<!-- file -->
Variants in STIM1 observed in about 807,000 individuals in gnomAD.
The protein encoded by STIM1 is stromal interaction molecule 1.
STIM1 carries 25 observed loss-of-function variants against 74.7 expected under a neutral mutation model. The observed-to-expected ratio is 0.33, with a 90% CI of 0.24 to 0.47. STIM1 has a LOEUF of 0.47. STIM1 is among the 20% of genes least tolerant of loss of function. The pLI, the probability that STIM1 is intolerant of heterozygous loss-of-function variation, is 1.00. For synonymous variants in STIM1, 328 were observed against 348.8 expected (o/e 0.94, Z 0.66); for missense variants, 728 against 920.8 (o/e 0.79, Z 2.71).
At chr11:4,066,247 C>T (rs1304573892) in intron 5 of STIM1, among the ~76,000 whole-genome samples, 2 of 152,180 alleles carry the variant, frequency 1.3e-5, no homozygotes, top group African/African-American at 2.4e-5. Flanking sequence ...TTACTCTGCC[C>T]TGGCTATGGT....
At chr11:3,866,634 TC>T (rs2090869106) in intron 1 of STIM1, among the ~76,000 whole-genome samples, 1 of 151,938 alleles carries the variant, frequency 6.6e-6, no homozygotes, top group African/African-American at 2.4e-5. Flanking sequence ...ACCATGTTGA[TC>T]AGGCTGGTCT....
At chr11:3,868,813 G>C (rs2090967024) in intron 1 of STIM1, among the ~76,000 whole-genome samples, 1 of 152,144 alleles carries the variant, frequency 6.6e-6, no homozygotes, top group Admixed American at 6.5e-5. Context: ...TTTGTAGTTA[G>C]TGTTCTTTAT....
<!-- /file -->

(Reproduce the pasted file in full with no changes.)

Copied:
Variants in STIM1 observed in about 807,000 individuals in gnomAD.
The protein encoded by STIM1 is stromal interaction molecule 1.
STIM1 carries 25 observed loss-of-function variants against 74.7 expected under a neutral mutation model. The observed-to-expected ratio is 0.33, with a 90% CI of 0.24 to 0.47. STIM1 has a LOEUF of 0.47. STIM1 is among the 20% of genes least tolerant of loss of function. The pLI, the probability that STIM1 is intolerant of heterozygous loss-of-function variation, is 1.00. For synonymous variants in STIM1, 328 were observed against 348.8 expected (o/e 0.94, Z 0.66); for missense variants, 728 against 920.8 (o/e 0.79, Z 2.71).
At chr11:4,066,247 C>T (rs1304573892) in intron 5 of STIM1, among the ~76,000 whole-genome samples, 2 of 152,180 alleles carry the variant, frequency 1.3e-5, no homozygotes, top group African/African-American at 2.4e-5. Flanking sequence ...TTACTCTGCC[C>T]TGGCTATGGT....
At chr11:3,866,634 TC>T (rs2090869106) in intron 1 of STIM1, among the ~76,000 whole-genome samples, 1 of 151,938 alleles carries the variant, frequency 6.6e-6, no homozygotes, top group African/African-American at 2.4e-5. Flanking sequence ...ACCATGTTGA[TC>T]AGGCTGGTCT....
At chr11:3,868,813 G>C (rs2090967024) in intron 1 of STIM1, among the ~76,000 whole-genome samples, 1 of 152,144 alleles carries the variant, frequency 6.6e-6, no homozygotes, top group Admixed American at 6.5e-5. Context: ...TTTGTAGTTA[G>C]TGTTCTTTAT....